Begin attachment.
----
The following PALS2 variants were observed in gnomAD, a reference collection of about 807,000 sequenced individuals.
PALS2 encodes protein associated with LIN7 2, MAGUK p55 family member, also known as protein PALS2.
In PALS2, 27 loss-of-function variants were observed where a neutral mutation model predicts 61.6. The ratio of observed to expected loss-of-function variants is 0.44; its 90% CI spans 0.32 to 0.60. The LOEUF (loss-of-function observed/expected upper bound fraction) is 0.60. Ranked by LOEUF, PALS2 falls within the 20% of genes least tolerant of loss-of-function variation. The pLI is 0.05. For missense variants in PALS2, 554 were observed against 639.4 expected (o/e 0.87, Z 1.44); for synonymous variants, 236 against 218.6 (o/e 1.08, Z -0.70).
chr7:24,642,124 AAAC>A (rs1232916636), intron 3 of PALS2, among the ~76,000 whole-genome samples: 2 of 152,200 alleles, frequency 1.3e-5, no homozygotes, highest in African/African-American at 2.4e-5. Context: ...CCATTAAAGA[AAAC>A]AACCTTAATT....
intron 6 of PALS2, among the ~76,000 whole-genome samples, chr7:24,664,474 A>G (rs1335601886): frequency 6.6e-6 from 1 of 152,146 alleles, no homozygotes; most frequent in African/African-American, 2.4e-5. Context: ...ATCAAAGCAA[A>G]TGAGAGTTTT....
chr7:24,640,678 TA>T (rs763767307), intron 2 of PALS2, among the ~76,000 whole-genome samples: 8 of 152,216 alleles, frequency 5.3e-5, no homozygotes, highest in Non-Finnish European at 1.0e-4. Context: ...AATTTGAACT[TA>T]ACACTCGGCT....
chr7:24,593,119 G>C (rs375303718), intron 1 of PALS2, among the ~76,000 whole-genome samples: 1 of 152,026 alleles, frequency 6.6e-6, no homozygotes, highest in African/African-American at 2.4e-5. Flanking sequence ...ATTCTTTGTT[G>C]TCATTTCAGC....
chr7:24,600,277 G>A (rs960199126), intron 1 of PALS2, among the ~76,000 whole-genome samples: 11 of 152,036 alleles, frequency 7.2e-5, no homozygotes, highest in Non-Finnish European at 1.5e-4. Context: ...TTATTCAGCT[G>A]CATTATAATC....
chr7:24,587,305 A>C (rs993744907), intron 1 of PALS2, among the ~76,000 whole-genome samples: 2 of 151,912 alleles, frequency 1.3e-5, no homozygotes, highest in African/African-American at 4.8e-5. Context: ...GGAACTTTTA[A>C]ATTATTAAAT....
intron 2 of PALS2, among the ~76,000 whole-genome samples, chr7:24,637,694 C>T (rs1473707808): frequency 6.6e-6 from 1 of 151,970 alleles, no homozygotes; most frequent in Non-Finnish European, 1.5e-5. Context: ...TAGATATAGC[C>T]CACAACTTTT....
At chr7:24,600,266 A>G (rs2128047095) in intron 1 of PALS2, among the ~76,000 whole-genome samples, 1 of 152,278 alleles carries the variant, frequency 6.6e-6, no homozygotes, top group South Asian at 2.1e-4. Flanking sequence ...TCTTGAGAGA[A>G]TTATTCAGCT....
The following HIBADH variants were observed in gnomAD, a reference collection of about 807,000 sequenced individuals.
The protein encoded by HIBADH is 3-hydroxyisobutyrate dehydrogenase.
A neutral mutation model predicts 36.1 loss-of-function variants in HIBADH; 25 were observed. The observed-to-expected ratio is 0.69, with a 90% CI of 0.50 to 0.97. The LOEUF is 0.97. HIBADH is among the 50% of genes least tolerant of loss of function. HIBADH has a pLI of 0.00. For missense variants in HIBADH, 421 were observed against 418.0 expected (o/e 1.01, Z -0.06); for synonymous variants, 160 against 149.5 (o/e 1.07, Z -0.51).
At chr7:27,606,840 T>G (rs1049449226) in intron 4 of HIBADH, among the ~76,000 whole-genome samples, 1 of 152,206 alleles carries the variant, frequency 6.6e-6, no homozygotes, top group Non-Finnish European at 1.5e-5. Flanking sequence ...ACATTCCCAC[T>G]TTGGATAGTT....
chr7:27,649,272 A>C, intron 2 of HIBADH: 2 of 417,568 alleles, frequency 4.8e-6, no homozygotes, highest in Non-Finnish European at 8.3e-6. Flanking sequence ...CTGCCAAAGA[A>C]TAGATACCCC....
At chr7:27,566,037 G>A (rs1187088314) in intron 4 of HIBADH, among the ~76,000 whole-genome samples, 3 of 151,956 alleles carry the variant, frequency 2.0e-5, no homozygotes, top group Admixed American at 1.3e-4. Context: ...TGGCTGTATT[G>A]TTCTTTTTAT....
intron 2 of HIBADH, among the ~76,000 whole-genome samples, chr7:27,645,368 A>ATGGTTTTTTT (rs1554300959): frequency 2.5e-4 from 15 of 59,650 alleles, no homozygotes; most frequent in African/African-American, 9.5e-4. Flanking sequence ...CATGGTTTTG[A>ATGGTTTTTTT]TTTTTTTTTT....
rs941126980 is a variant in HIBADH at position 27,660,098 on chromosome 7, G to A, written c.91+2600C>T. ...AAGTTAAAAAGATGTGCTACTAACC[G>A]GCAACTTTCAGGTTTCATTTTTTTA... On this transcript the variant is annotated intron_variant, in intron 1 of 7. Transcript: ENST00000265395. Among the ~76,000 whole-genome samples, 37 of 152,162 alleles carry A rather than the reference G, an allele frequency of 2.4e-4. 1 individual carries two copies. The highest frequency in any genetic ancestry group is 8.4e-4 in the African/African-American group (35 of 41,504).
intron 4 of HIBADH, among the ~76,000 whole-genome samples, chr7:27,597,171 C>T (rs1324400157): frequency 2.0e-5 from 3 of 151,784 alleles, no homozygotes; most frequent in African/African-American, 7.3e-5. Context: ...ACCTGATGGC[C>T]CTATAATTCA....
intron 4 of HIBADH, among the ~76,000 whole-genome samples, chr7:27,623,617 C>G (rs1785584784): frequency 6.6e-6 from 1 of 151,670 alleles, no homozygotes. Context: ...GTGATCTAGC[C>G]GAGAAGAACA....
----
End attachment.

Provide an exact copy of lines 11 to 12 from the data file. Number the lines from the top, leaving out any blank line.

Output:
At chr7:24,600,266 A>G (rs2128047095) in intron 1 of PALS2, among the ~76,000 whole-genome samples, 1 of 152,278 alleles carries the variant, frequency 6.6e-6, no homozygotes, top group South Asian at 2.1e-4. Flanking sequence ...TCTTGAGAGA[A>G]TTATTCAGCT....
The following HIBADH variants were observed in gnomAD, a reference collection of about 807,000 sequenced individuals.